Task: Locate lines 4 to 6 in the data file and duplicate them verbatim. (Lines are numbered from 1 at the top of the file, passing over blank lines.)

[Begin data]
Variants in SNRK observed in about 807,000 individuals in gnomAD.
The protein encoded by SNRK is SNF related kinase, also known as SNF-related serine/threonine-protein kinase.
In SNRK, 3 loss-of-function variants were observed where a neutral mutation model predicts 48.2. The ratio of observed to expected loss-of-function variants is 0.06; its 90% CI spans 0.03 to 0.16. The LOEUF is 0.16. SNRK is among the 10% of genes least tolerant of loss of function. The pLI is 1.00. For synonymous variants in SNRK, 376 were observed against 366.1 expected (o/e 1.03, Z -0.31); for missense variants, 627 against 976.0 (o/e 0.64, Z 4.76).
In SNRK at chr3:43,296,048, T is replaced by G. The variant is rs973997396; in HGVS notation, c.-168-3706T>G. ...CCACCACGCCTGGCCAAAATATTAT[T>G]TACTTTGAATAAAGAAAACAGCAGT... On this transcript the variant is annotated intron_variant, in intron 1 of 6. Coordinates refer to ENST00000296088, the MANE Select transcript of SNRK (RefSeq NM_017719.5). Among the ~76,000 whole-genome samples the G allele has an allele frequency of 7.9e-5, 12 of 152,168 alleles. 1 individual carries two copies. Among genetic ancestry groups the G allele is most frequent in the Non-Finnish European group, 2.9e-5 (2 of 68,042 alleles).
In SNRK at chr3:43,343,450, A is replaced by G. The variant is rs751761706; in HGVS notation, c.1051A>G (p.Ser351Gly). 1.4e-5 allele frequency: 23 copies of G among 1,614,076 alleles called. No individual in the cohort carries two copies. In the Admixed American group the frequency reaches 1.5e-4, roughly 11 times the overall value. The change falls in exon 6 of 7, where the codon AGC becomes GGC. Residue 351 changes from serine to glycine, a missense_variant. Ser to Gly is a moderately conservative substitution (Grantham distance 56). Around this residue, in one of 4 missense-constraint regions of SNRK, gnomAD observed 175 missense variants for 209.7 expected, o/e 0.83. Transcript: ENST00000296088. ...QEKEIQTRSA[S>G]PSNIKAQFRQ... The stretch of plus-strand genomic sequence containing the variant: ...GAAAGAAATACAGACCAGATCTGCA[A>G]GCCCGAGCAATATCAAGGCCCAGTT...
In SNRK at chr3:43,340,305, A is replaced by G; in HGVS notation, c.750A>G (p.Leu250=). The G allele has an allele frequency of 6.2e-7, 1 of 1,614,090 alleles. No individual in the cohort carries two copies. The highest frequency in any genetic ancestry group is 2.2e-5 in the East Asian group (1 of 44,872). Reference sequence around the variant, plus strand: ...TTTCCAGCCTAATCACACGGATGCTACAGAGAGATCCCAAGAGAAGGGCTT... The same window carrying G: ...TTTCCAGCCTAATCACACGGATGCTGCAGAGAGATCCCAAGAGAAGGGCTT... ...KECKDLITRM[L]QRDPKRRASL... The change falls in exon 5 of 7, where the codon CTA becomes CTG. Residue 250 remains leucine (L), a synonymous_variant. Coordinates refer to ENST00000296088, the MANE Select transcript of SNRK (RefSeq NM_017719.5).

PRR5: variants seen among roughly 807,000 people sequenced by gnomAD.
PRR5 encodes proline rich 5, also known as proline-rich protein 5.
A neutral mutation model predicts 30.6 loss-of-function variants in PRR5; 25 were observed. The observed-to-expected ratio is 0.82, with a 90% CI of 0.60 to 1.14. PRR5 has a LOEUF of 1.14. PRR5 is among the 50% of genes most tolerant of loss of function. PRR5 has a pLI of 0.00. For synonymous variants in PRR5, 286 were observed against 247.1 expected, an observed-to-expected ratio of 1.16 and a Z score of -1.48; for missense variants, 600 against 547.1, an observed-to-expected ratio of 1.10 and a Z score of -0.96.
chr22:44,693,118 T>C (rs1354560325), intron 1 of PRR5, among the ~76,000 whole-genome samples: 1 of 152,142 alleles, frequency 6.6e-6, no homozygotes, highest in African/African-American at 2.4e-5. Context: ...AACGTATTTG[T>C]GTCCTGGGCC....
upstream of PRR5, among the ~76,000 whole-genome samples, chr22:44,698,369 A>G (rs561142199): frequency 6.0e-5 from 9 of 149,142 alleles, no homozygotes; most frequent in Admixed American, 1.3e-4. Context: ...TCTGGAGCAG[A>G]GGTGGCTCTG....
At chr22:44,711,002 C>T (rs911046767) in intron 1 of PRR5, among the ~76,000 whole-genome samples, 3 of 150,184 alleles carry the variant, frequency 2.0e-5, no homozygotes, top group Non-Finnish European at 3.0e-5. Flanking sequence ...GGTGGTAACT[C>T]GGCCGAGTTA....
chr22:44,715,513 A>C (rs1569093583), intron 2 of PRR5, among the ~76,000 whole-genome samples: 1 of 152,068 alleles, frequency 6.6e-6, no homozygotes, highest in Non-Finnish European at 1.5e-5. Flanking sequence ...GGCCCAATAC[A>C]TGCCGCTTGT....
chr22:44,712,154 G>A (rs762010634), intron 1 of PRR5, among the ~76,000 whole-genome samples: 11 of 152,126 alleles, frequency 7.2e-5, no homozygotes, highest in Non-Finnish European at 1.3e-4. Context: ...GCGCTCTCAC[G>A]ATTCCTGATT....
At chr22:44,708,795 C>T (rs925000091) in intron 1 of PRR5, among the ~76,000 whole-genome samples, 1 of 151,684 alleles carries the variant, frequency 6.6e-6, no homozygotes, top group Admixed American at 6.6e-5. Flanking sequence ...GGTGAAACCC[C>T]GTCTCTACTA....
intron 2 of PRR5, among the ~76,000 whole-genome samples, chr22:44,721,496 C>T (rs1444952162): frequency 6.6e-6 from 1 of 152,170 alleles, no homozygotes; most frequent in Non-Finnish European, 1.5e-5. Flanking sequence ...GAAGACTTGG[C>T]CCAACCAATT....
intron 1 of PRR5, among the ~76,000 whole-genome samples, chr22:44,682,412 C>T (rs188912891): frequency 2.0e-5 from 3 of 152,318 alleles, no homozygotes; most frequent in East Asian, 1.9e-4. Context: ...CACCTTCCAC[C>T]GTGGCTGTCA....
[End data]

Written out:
In SNRK at chr3:43,296,048, T is replaced by G. The variant is rs973997396; in HGVS notation, c.-168-3706T>G. ...CCACCACGCCTGGCCAAAATATTAT[T>G]TACTTTGAATAAAGAAAACAGCAGT... On this transcript the variant is annotated intron_variant, in intron 1 of 6. Coordinates refer to ENST00000296088, the MANE Select transcript of SNRK (RefSeq NM_017719.5). Among the ~76,000 whole-genome samples the G allele has an allele frequency of 7.9e-5, 12 of 152,168 alleles. 1 individual carries two copies. Among genetic ancestry groups the G allele is most frequent in the Non-Finnish European group, 2.9e-5 (2 of 68,042 alleles).
In SNRK at chr3:43,343,450, A is replaced by G. The variant is rs751761706; in HGVS notation, c.1051A>G (p.Ser351Gly). 1.4e-5 allele frequency: 23 copies of G among 1,614,076 alleles called. No individual in the cohort carries two copies. In the Admixed American group the frequency reaches 1.5e-4, roughly 11 times the overall value. The change falls in exon 6 of 7, where the codon AGC becomes GGC. Residue 351 changes from serine to glycine, a missense_variant. Ser to Gly is a moderately conservative substitution (Grantham distance 56). Around this residue, in one of 4 missense-constraint regions of SNRK, gnomAD observed 175 missense variants for 209.7 expected, o/e 0.83. Transcript: ENST00000296088. ...QEKEIQTRSA[S>G]PSNIKAQFRQ... The stretch of plus-strand genomic sequence containing the variant: ...GAAAGAAATACAGACCAGATCTGCA[A>G]GCCCGAGCAATATCAAGGCCCAGTT...
In SNRK at chr3:43,340,305, A is replaced by G; in HGVS notation, c.750A>G (p.Leu250=). The G allele has an allele frequency of 6.2e-7, 1 of 1,614,090 alleles. No individual in the cohort carries two copies. The highest frequency in any genetic ancestry group is 2.2e-5 in the East Asian group (1 of 44,872). Reference sequence around the variant, plus strand: ...TTTCCAGCCTAATCACACGGATGCTACAGAGAGATCCCAAGAGAAGGGCTT... The same window carrying G: ...TTTCCAGCCTAATCACACGGATGCTGCAGAGAGATCCCAAGAGAAGGGCTT... ...KECKDLITRM[L]QRDPKRRASL... The change falls in exon 5 of 7, where the codon CTA becomes CTG. Residue 250 remains leucine (L), a synonymous_variant. Coordinates refer to ENST00000296088, the MANE Select transcript of SNRK (RefSeq NM_017719.5).